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International Rescheduling of Ketamine

November 13, 2015

Earlier this year the World Health Organization (WHO) received a proposal from China to more stringently regulate ketamine hydrochloride as a Schedule 1 drug under the international Psychotropic Convention. Schedule I, by definition, includes drugs claimed to create a serious risk to public health, whose therapeutic value is not currently acknowledged by the United Nations Commission on Narcotic Drugs. It includes synthetic psychedelics such as LSD in addition to natural psychedelics. Most Schedule I drugs are already illegal to possess or sell in most of the 183 nations, including Canada, belonging to the United Nations Convention on Psychotropic Substances.

The CVMA, in cooperation with the American Veterinary Medical Association (AVMA), the World Veterinary Association (WVA) and the World Medical Association (WMA), advocated against this proposed change in order to prevent possible undue restrictions on availability of ketamine for veterinary use. As a result of those advocacy efforts, ketamine was not rescheduled at that time.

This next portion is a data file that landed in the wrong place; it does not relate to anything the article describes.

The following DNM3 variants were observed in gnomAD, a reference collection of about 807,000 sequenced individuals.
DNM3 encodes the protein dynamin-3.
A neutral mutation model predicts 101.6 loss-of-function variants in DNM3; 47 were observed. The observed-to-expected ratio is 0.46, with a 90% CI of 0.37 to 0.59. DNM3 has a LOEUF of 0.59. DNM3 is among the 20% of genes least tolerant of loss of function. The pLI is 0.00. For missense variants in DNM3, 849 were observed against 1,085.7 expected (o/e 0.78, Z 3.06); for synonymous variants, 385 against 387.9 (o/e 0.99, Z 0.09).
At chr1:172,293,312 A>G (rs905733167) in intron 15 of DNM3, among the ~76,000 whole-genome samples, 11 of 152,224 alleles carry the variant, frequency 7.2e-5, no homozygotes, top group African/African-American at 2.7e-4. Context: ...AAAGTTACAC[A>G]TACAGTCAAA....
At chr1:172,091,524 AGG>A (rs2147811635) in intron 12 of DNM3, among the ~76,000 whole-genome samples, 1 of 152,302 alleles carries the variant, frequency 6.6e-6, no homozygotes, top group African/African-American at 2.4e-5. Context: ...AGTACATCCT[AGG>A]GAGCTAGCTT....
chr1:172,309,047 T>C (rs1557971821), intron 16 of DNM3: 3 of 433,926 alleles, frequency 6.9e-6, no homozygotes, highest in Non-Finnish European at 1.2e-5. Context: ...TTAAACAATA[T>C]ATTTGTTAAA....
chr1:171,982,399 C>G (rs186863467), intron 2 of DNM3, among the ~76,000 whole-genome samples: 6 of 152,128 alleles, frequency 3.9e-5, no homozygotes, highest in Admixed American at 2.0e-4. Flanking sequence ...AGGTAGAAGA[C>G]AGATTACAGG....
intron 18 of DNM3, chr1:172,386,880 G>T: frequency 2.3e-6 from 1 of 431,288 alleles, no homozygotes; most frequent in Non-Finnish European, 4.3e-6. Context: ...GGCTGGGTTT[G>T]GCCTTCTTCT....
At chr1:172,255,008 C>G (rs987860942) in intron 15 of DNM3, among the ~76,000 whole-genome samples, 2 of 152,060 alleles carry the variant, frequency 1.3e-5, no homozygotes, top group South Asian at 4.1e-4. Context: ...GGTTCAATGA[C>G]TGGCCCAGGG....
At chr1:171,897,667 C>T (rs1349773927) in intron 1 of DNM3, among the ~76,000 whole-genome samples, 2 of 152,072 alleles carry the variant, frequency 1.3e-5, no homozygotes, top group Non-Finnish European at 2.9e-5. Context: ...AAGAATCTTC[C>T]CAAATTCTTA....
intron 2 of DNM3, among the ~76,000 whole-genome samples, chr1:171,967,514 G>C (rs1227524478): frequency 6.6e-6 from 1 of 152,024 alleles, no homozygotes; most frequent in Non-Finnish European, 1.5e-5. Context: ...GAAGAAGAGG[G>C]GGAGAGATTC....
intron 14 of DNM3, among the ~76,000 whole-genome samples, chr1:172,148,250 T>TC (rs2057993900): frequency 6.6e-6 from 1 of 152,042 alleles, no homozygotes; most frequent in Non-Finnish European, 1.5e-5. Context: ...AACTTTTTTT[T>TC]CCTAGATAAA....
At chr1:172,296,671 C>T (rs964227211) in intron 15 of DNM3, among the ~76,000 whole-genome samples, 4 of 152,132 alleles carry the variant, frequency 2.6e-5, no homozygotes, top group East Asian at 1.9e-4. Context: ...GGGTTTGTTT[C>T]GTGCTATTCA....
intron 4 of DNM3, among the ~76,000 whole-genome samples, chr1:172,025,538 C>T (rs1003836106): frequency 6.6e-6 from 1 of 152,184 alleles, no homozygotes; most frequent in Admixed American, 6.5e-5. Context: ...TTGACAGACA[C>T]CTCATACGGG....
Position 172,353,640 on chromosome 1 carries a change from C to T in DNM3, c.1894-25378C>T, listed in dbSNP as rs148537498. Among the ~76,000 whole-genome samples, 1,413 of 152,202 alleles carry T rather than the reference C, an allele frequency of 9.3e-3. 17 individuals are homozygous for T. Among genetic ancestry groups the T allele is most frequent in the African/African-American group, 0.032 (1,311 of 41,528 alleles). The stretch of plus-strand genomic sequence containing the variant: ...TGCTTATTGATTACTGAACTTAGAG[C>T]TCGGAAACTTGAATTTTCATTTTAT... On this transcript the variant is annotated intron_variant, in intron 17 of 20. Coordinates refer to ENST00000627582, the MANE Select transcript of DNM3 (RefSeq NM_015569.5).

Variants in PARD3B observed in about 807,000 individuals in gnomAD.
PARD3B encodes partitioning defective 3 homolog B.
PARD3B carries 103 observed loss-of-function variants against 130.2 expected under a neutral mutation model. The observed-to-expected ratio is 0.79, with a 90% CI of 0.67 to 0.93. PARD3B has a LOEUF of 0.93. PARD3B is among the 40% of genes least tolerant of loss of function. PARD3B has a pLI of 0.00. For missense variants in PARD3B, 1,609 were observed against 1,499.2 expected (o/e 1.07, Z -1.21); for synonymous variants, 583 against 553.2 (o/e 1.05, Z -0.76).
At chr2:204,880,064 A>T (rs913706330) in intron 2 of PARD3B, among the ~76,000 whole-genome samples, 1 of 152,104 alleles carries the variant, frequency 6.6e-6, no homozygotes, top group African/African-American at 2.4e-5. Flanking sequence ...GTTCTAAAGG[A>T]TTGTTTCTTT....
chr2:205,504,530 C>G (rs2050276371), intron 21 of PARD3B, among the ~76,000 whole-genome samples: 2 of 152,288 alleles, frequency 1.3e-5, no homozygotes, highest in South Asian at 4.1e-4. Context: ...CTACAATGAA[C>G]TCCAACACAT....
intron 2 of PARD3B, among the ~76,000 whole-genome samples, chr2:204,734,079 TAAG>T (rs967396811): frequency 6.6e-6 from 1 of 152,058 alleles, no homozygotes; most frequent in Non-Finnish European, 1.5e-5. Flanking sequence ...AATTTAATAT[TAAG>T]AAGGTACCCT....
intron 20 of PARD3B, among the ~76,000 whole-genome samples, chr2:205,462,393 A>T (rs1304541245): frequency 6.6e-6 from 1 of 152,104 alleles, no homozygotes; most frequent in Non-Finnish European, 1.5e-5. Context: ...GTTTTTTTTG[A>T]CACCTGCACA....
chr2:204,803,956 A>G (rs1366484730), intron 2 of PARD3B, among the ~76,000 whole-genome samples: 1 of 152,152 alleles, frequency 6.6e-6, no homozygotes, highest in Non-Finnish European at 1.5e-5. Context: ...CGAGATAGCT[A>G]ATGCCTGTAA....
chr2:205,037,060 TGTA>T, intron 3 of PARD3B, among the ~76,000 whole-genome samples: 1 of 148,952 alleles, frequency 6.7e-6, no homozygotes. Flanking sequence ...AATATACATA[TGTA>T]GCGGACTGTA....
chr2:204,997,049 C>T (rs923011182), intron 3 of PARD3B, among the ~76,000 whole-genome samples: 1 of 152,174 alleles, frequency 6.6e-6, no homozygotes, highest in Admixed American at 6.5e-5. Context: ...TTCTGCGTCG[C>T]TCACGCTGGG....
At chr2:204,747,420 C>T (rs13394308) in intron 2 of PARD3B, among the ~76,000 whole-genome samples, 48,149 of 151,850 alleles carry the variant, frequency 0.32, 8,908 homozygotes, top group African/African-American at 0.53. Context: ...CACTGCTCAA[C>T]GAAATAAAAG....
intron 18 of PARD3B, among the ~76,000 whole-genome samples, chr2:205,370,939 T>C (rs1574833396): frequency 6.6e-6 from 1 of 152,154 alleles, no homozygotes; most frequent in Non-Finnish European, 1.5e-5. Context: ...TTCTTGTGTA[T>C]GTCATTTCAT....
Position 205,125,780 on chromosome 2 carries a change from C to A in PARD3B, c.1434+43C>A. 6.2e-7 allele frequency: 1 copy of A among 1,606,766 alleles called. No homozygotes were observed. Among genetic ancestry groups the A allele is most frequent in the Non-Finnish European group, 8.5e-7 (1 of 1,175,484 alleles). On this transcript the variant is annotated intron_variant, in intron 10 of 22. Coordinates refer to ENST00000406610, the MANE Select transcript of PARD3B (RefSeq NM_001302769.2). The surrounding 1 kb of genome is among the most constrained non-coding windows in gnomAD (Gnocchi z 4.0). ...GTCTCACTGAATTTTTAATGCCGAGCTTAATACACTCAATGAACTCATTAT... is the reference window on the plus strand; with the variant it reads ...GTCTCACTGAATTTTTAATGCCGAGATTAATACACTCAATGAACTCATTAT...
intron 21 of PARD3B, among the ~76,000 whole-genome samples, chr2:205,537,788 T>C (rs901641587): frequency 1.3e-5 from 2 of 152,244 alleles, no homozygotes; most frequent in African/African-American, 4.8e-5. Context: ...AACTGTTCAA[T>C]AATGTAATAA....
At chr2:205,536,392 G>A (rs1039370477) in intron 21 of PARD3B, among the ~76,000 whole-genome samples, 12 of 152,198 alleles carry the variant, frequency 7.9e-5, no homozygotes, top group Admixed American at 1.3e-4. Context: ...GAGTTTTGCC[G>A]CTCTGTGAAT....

During the first week of October, the U.S. Food and Drug Administration (FDA) issued a request for comments regarding the abuse potential, actual abuse, medical usefulness, trafficking and impact of scheduling changes on the availability for medical use of 10 drug substances – including ketamine. The comments will be considered as FDA prepares a response to the WHO since it appears the organization may be considering another proposed change to the international scheduling of drugs such as ketamine.

The AVMA is drafting a letter to the FDA outlining ketamine’s critical use in veterinary medicine and its importance in remaining available to U.S. veterinarians. The CVMA supports the AVMA’s stance on urging the United Nations Commission on Narcotic Drugs not to restrict the availability of ketamine. Visit the AVMA website for more information.

In Canada, Ketamine is a Schedule I drug under the provisions of the Controlled Drugs and Substances Act. This designation puts it in the same category as morphine, codeine and cocaine. While this requires documentation, security, and controls, veterinarians can still access the drug.

See a CVMA news posting from April 2015 for additional information.